After the ceremony, the newlyweds take off on their honeymoon. But along the way to the hotel, Bill almost causes a wreck by driving at night with his headlights off. He also becomes very defensive when Marge, who’d been napping, asks how he’d managed to get so far in the dark. The new bride is even more puzzled after they reach their beach-side destination and Bill basically forgets her in the car, and then becomes a little miffed when her husband also neglects to carry her over the threshold of their honeymoon hideaway as tradition holds.

And as the evening progresses, Bill's behavior grows even more distant and bizarre, acting like he’s never seen a thunderstorm before, and he won’t even touch the champagne. Hoping it’s all just marital jitters, Marge heads inside just as a lightning flash reveals that alien’s horrible visage hidden underneath Bill’s features, which confirms our suspicions that Bill wasn't really Bill at all! And then Marge, who didn’t see any of this, calls her new husband into the bed for one last wedding night tradition, with no idea of whom -- or what, she is about to sleep with as we fade to black...

As a reporter for The Denver Post, one of Gene Fowler’s plum assignments was to interview the legendary Buffalo Bill Cody when his Wild West Show rolled into town. But instead of asking him about the tenets of this traveling circus, Fowler instead grilled Cody over his many illicit love affairs. (There was a persistent rumor/joke that Fowler was the illegitimate son of Cody, explaining the rancor.) And it was this kind of brazen behavior and impertinence that soon became the reporter’s trademark as he moved to New York City, where he worked for The Daily Mirror before shifting to a management position for the King Features Syndicate. Around 1930, Fowler began writing for the stage and the cinema -- What Price Hollywood? (1932), The Call of the Wild (1935), as well as several books, including biographies and memoirs for the likes of P.T. Barnum and Jimmy Durante.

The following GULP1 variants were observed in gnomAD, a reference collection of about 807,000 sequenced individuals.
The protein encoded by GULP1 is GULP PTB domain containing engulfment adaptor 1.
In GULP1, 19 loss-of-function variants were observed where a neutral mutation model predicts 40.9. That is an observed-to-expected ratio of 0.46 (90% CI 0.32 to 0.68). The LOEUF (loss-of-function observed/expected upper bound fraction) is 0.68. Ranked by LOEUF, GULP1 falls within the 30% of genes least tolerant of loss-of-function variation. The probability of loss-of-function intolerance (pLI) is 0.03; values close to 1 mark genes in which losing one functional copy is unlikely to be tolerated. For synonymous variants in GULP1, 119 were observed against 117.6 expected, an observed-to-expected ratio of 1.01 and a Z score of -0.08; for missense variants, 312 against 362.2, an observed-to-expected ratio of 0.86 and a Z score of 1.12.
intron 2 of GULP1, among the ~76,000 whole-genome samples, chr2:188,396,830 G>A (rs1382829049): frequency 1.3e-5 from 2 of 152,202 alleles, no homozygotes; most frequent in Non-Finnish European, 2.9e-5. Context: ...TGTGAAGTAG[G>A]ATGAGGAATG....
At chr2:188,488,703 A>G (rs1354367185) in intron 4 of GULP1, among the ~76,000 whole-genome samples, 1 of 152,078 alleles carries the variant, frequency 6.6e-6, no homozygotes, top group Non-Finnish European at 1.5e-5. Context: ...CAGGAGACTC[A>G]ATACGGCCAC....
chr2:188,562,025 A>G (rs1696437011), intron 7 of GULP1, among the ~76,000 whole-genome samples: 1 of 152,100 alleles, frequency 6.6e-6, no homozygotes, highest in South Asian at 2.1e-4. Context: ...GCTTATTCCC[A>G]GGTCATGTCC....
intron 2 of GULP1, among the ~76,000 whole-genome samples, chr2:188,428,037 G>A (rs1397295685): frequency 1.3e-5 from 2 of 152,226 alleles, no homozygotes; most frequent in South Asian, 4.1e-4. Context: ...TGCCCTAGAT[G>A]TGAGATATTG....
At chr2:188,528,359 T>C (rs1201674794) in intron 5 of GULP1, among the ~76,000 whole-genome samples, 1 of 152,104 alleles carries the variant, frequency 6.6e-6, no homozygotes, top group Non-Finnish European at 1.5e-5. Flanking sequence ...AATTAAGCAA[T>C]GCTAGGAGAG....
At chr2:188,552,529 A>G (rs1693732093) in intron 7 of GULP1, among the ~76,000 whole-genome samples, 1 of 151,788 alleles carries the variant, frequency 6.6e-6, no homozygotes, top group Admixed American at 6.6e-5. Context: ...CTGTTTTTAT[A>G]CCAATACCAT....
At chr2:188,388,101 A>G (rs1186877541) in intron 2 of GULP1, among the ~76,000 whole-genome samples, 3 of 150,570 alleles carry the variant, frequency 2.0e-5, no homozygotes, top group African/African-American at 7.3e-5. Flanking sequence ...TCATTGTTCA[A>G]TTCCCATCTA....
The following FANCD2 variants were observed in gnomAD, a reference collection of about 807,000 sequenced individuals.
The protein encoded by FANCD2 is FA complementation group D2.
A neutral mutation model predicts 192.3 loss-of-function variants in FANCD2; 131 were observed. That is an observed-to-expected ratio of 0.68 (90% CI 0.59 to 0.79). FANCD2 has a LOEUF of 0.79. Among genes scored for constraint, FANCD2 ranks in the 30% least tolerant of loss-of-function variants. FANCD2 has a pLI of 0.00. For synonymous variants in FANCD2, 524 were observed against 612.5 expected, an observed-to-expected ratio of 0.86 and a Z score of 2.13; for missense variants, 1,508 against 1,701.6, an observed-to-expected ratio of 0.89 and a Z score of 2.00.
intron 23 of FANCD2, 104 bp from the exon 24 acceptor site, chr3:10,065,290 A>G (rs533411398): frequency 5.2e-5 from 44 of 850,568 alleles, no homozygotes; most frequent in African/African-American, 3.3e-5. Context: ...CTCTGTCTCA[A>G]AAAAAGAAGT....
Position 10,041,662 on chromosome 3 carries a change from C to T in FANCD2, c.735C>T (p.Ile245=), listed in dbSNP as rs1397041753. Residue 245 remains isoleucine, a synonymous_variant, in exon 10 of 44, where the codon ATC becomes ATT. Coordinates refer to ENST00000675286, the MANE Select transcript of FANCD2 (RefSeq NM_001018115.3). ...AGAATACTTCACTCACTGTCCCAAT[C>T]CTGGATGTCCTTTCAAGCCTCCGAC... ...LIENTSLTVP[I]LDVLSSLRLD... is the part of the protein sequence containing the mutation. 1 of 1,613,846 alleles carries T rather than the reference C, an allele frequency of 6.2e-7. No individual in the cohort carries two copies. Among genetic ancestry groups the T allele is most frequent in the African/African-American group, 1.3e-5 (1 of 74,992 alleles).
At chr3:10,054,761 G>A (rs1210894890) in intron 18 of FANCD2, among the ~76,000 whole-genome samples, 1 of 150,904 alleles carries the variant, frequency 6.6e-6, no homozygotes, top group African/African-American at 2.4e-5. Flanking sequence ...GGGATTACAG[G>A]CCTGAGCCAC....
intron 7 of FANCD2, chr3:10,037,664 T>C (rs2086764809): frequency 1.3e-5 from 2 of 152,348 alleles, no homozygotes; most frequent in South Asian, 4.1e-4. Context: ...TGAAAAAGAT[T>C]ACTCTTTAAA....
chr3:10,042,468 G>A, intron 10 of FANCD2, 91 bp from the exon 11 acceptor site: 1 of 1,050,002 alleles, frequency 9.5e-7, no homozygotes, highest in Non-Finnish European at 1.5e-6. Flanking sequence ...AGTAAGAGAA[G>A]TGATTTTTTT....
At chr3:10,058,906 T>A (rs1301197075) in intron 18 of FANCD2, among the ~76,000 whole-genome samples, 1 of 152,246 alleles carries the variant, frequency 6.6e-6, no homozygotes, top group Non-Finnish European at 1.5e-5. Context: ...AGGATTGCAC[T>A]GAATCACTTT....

After a move to Los Angeles, Fowler Sr. rubbed elbows and became close friends with many of Hollywood’s current elite, including John Barrymore and W.C. Fields, who legendarily despised all children, except for Fowler’s sons, which the irascible Fields claimed were the only children he could stand. And it was while writing his latest book, Father Goose, which chronicled the career of seminal silent filmmaker Mack Sennett, where Fowler introduced his eldest son, Gene Fowler Jr., to Allen McNeil, one of Sennet’s film editors. Well, McNeil and Fowler Jr. also hit it off, which resulted in a job offer to also become an editor at 20th Century Fox. (Editor's note: From here on out, when we refer to Fowler we are referring to Fowler Jr.)